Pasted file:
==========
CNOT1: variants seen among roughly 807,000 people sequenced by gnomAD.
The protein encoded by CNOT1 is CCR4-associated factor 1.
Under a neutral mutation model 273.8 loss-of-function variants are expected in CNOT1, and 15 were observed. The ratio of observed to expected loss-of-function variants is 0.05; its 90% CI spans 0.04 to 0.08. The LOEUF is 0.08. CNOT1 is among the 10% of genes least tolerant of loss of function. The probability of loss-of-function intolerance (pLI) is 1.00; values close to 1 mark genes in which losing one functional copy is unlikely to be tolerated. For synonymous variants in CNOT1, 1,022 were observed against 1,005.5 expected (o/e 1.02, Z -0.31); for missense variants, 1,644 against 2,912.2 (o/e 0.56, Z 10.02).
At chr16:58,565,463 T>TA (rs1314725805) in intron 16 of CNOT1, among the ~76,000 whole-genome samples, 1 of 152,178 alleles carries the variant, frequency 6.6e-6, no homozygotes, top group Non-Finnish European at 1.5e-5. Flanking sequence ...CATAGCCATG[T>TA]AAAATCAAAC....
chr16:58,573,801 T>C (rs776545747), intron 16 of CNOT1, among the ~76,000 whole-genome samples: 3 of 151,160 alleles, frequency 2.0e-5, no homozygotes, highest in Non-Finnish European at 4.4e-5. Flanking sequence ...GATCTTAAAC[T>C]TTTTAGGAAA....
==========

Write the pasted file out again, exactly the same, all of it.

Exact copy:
CNOT1: variants seen among roughly 807,000 people sequenced by gnomAD.
The protein encoded by CNOT1 is CCR4-associated factor 1.
Under a neutral mutation model 273.8 loss-of-function variants are expected in CNOT1, and 15 were observed. The ratio of observed to expected loss-of-function variants is 0.05; its 90% CI spans 0.04 to 0.08. The LOEUF is 0.08. CNOT1 is among the 10% of genes least tolerant of loss of function. The probability of loss-of-function intolerance (pLI) is 1.00; values close to 1 mark genes in which losing one functional copy is unlikely to be tolerated. For synonymous variants in CNOT1, 1,022 were observed against 1,005.5 expected (o/e 1.02, Z -0.31); for missense variants, 1,644 against 2,912.2 (o/e 0.56, Z 10.02).
At chr16:58,565,463 T>TA (rs1314725805) in intron 16 of CNOT1, among the ~76,000 whole-genome samples, 1 of 152,178 alleles carries the variant, frequency 6.6e-6, no homozygotes, top group Non-Finnish European at 1.5e-5. Flanking sequence ...CATAGCCATG[T>TA]AAAATCAAAC....
chr16:58,573,801 T>C (rs776545747), intron 16 of CNOT1, among the ~76,000 whole-genome samples: 3 of 151,160 alleles, frequency 2.0e-5, no homozygotes, highest in Non-Finnish European at 4.4e-5. Flanking sequence ...GATCTTAAAC[T>C]TTTTAGGAAA....